Animal welfare: How should EU labelling look like?

Animal welfare: How should EU labelling look like?
Credit: Eurogroup for Animals

A recent report published by the European Commission highlighted the need for a comprehensive EU animal welfare label.

When the Commission adopted the Farm to Fork Strategy in 2020, it committed to revise the current EU animal welfare legislation by 2023 and to consider options for labelling. The report summarizes the results in a public consultation on shortcomings in the legislation and aims at improving four EU directives on protecting animals kept for farming, during transport and at slaughter.

The consultation (October 2021 – January 2022) targeted any group directly affected by the legislation, such as farmers and other food business operators, members of the public, and animal welfare NGO’s and consumer organisations. A total of about 60,000 respondents have contributed to the consultation. Of these, the majority (92%) were EU citizens.

All EU member states are represented among the contributions with the majority of respondents from Germany (23%), France (15%), Poland (10%), Italy (8%) Sweden (7%), Spain (6%) and Denmark (5%).

Overall, the consultation confirms that EU citizens see farm animal welfare as a priority. Animal welfare organisation have long called for many of the legislation changes that a majority of respondents favours. “These results are very welcome, of course, but are no great surprise”, commented Reineke Hameleers, Chief Executive of Eurogroup for Animals.

As regards slaughter, respondents were asked to what degree they agreed to that electrical water bath stunning for poultry and carbon dioxide (CO2) at high concentration as a stunning method for pigs should be prohibited (after a transition period). Vast majorities of the public (90 % or more) are against these methods while only half of the business organisations believed they should be forbidden.

Following the success of the End the Cage Age European Citizens’ Initiative, a vast majority of respondents expressed that the maximum transitional time allowed for the phasing out of the use of cages should be 5 years for all animals concerned. Again, business organisation differed and almost half of them expressed that the maximum time allowed should be 15 years.

Another crucial issue is transport of live animals. A vast majority of respondents were in favour of introducing maximum journey times to better) protect animals and considered that the export of live animals to non-EU countries for slaughter should be prohibited. Again, business organisations are less supportive of such measures.

EU-wide animal welfare labelling

On the issue of animal welfare labelling, respondents were asked if a label should be applied to all products of animal origin on the market.

All categories of respondents believed that an EU animal welfare label would be a useful tool for informing consumers on the conditions in which animals are treated. A vast majority (83%) of all respondents expressed that the label should be based on broader animal welfare criteria, including requirements on animal transport and slaughter.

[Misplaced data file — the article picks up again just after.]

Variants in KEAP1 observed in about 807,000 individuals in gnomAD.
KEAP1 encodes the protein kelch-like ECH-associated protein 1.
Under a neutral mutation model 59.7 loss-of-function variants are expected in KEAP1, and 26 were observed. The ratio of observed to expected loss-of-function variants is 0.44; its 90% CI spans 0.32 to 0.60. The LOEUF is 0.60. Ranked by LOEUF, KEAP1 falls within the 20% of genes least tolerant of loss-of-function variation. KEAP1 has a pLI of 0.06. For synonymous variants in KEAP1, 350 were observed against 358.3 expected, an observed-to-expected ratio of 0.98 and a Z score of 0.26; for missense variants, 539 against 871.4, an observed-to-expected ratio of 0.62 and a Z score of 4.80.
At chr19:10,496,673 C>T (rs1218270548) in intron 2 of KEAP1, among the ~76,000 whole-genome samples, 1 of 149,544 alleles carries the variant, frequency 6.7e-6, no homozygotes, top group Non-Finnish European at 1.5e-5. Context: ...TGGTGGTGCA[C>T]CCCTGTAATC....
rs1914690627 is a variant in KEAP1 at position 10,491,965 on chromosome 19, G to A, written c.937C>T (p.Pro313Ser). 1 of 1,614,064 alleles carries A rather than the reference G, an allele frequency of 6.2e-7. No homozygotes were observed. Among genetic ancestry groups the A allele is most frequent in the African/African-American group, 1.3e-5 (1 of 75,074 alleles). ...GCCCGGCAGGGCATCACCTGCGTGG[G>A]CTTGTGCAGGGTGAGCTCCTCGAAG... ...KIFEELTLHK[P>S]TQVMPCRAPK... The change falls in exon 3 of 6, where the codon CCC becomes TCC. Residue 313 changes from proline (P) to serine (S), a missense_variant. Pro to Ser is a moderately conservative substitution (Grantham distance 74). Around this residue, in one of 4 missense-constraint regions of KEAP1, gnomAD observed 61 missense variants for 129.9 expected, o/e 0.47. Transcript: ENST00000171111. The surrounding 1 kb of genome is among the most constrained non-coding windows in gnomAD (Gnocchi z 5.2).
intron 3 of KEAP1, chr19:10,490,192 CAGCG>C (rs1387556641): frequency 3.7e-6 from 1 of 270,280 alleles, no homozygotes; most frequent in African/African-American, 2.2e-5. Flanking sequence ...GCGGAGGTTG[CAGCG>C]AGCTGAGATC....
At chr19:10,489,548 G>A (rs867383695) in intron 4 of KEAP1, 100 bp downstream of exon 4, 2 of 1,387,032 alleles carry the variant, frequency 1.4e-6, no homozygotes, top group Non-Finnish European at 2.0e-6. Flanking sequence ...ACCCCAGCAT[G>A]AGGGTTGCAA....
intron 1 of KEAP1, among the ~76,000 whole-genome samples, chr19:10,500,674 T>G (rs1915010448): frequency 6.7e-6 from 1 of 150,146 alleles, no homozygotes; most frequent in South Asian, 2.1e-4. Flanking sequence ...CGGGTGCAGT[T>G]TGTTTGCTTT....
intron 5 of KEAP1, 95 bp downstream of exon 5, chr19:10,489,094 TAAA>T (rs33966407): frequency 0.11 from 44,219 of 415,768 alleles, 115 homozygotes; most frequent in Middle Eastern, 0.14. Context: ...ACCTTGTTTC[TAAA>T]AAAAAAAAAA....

The Brussels Times asked the European Commission and animal welfare NGOs if they already have a concrete proposal about how a EU animal welfare label should look like.  A spokesperson of the Commission replied that the assessment of the contributions to the public consultation have not yet been finalized and that no decision has been taken yet.

Eurogroup for Animals referred to its report from 2020 on Animal Welfare and Food Labelling. According to the report, there are a dozen labelling schemes pertaining to farm animal welfare in at least six member states.

The NGO supports the adoption of a “Method-of-Production + label,” which would combine method-of-production marking with simple information on animal welfare, based on a core set of animal welfare indicators. To ensure full transparency to consumers, the scope of an animal welfare-related label should further cover the entire supply chain: breeding, fattening, transport, and slaughter.

Compassion in World Farming replied that it has been calling for years for a method of production labelling on animal products that shows how animals are kept. At least 70% of the nine billion terrestrial farmed animals slaughtered in the EU each year are factory farmed but not labelled as such. Most pigs and poultry are kept in industrial, highly polluting systems with very poor welfare.

They call for a mandatory method of production labelling on all animals and fish products, covering breeding, fattening, transport, and slaughter to be applied to all animal and fish products EU-wide. In this way consumers are informed and can play their part to improve the welfare of farmed animals and fish. Furthermore, the wording on method of production labelling should be objective.

M. Apelblat

The Brussels Times

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